Replacing standard wheels

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Cherie
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Replacing standard wheels

Post by Cherie » Thu Apr 30, 2009 10:09 pm

It's a very common question and easily the most popular modification that can be done to a car.

There are some things to take into account, such as the size of the wheel you want, the size of the tyre, the fitment etc. so I'm going to try and collate all the necessary info into one post.

Standard Puma wheels specifications:
Wheel Rim diameter = 15"
Stud PCD = 4x108mm
Offset = ET34
Tyre Size = 195/50 R15
Wheel width = 6J (6")


Specifications for 16" wheels:
Offset = between ET34 and ET38
Tyre size = 195/45 R16

Specification for 17" wheels, 7" wide:
Offset = between ET34 and ET38 (but ideally either ET35 or ET36 due to rubbing issues)
Tyre Size = 205/40 R17

Specification for 17" wheels (FRP) 7.5" wide:
Offset = ET25
Tyre Size = 215/40 R17

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Many people decide to lower their car as well as increase the size of the wheels. As even though the size of the wheel has increased, the profile of the tyre has decreased, and so will still sit in exactly the same place in the wheel arch. So it'll still look like a moon buggy - just a moon buggy with bigger wheels!

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Terms explained:

Stud PCD:
PCD stands for Pitch Circle Diameter. In laymans terms, this the measurement of the distance between the studs the wheel is attached by. Pitch Circle being the circle that passes through the centre of every stud, and hence the measurement is the diameter of that circle. 4 is the number of studs.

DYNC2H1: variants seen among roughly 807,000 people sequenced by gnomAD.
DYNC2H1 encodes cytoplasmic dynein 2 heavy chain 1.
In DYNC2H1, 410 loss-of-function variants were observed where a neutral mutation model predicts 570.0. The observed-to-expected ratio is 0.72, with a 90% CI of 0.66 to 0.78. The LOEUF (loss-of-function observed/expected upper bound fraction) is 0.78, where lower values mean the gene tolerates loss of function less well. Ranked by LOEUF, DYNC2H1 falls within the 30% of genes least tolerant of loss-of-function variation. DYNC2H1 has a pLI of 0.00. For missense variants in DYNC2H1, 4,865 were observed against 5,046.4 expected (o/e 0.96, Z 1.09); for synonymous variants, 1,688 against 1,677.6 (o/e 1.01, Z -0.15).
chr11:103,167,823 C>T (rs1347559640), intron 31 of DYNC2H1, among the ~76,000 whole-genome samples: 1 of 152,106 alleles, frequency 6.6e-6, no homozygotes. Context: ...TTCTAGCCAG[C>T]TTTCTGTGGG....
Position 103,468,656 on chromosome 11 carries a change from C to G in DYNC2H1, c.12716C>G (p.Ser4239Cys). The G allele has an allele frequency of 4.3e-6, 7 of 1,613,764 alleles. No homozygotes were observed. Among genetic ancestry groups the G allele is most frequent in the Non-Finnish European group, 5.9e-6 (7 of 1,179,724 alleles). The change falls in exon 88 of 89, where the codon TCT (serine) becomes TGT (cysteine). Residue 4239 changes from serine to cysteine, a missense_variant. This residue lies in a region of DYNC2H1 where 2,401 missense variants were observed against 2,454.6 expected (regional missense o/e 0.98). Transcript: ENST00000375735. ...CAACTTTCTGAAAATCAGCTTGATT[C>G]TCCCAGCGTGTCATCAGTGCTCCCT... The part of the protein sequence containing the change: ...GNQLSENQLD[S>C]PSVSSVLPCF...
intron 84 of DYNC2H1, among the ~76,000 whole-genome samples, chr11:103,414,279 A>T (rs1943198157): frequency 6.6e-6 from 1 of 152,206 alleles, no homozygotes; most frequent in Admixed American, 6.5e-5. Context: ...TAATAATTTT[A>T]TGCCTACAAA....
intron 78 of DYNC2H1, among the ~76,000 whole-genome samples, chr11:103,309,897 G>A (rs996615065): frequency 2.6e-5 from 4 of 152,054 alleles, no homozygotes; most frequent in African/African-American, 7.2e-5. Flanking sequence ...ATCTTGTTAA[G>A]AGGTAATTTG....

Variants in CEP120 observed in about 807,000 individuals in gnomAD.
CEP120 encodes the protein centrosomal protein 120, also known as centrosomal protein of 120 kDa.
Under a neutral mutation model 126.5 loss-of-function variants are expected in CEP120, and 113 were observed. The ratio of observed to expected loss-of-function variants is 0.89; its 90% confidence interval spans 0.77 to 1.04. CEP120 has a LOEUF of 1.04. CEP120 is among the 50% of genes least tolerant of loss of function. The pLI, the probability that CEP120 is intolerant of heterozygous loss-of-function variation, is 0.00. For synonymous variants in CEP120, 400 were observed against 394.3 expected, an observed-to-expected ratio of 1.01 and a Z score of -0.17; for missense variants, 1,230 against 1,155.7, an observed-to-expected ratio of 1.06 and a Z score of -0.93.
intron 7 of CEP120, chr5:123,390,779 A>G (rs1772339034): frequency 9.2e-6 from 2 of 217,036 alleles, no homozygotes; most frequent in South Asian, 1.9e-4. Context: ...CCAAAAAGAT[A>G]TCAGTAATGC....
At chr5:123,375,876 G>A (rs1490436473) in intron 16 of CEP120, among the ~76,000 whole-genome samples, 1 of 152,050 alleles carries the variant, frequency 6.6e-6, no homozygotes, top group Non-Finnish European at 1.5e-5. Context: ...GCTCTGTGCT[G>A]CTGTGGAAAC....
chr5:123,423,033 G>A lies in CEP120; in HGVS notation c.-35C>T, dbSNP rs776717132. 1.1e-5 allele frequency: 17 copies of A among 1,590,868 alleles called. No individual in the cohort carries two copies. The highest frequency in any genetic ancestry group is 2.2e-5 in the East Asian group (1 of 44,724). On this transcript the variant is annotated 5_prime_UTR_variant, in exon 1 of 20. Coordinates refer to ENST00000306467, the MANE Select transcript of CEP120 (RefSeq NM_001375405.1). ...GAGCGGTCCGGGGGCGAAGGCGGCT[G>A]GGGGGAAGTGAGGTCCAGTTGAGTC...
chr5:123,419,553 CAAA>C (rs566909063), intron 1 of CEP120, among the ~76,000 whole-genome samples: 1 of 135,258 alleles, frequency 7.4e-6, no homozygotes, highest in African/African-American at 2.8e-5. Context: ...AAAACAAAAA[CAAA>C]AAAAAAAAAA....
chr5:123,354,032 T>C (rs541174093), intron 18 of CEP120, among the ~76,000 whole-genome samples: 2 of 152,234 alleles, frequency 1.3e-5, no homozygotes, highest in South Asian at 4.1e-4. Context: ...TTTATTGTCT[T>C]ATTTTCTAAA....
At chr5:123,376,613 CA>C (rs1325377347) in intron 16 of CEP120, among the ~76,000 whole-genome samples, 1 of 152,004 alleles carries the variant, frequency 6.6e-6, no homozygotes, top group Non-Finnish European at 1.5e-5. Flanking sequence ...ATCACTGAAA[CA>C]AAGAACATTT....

Different car manufacturers use different diameters as standard.

Offset: ET##

This is the measurement of how much the part of the back of the wheel that sits on the hub varies from the centre line of the wheel.

Image

A positive offset of ET34 means that on yhe standard Puma wheels (both props and 9 spokes) the back of the wheel is 34mm away from the centre line.

If you have a set of wheels that have a higher offset, the inside edge of the wheel will sit further into the wheel arch, and this is why they rub on the arch lining.


It is also very much worth remembering that if you've also lowered the suspension, that the front wheels may rub on the top seam above the wheel, and worst case scenario, you'll end up with a cut tyre.

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Useful website:

By inputting your current and modified setup you can see visually and described differences to see if they'll fit:
http://www.willtheyfit.com/" onclick="window.open(this.href);return false;

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Always remember to inform your insurance company if you have changed your wheels on your car from standard.
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